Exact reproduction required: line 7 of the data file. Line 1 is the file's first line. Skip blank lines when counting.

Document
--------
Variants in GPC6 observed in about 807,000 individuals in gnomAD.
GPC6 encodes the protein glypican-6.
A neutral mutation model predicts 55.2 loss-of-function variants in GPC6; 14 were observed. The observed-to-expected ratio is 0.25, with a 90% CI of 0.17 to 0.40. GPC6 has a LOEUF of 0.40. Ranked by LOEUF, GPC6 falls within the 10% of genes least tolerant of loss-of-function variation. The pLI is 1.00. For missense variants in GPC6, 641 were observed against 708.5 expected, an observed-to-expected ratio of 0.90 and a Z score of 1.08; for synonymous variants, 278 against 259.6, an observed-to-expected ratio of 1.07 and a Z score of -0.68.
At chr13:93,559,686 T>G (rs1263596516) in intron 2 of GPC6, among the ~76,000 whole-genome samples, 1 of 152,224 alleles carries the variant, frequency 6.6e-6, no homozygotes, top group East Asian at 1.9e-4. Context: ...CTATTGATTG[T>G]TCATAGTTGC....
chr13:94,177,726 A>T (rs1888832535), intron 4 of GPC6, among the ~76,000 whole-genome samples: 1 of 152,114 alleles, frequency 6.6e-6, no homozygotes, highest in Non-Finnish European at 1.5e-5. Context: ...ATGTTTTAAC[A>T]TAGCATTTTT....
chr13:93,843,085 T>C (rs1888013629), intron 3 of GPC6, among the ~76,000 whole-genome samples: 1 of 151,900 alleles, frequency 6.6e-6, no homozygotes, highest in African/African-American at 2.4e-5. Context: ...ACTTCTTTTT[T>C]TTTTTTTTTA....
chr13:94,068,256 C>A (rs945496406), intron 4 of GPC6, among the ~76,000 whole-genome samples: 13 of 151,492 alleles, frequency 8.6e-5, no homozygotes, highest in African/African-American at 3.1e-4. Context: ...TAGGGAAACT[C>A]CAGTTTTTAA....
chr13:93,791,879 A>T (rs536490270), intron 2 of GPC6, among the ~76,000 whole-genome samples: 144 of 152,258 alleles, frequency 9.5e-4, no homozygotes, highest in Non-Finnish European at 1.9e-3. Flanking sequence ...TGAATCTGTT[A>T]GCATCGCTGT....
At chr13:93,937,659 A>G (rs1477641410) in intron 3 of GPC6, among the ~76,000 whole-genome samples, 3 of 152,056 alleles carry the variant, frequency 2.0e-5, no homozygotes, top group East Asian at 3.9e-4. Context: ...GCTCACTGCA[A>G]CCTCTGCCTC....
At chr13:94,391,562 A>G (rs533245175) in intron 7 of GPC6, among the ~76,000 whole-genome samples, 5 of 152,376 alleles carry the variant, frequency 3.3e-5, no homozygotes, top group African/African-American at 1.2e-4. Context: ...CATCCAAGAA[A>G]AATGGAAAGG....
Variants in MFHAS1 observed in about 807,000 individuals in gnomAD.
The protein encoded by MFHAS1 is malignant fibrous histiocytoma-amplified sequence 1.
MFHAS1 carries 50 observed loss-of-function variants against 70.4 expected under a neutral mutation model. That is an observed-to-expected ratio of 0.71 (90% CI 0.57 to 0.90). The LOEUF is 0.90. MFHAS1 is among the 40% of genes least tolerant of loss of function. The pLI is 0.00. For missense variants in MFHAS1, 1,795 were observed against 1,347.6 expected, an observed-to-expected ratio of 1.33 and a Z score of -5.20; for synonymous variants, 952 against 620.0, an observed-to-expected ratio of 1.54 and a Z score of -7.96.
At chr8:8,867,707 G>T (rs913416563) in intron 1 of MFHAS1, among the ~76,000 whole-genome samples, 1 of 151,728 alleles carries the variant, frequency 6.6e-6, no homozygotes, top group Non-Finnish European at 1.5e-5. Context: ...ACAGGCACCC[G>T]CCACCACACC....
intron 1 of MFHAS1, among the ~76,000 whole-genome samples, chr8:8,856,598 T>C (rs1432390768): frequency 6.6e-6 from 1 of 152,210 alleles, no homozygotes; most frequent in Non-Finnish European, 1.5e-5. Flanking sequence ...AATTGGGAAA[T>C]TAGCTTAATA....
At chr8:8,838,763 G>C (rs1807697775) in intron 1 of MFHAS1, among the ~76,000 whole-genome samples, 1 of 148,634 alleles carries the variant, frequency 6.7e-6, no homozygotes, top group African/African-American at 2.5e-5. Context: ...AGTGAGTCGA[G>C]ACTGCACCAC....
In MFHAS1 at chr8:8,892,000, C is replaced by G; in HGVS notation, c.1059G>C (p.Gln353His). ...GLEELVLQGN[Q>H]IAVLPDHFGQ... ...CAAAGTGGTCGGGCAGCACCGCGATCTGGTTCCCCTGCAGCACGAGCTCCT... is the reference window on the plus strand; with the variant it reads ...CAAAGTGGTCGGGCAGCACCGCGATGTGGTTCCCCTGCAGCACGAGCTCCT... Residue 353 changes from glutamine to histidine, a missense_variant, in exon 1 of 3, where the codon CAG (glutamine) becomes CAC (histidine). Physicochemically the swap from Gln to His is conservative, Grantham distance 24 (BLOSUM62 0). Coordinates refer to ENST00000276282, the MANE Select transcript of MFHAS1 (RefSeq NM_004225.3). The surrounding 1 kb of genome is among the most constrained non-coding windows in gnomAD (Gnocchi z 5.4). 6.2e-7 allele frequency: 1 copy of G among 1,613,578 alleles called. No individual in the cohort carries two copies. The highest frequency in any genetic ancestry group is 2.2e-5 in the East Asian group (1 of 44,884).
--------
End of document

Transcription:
chr13:94,068,256 C>A (rs945496406), intron 4 of GPC6, among the ~76,000 whole-genome samples: 13 of 151,492 alleles, frequency 8.6e-5, no homozygotes, highest in African/African-American at 3.1e-4. Context: ...TAGGGAAACT[C>A]CAGTTTTTAA....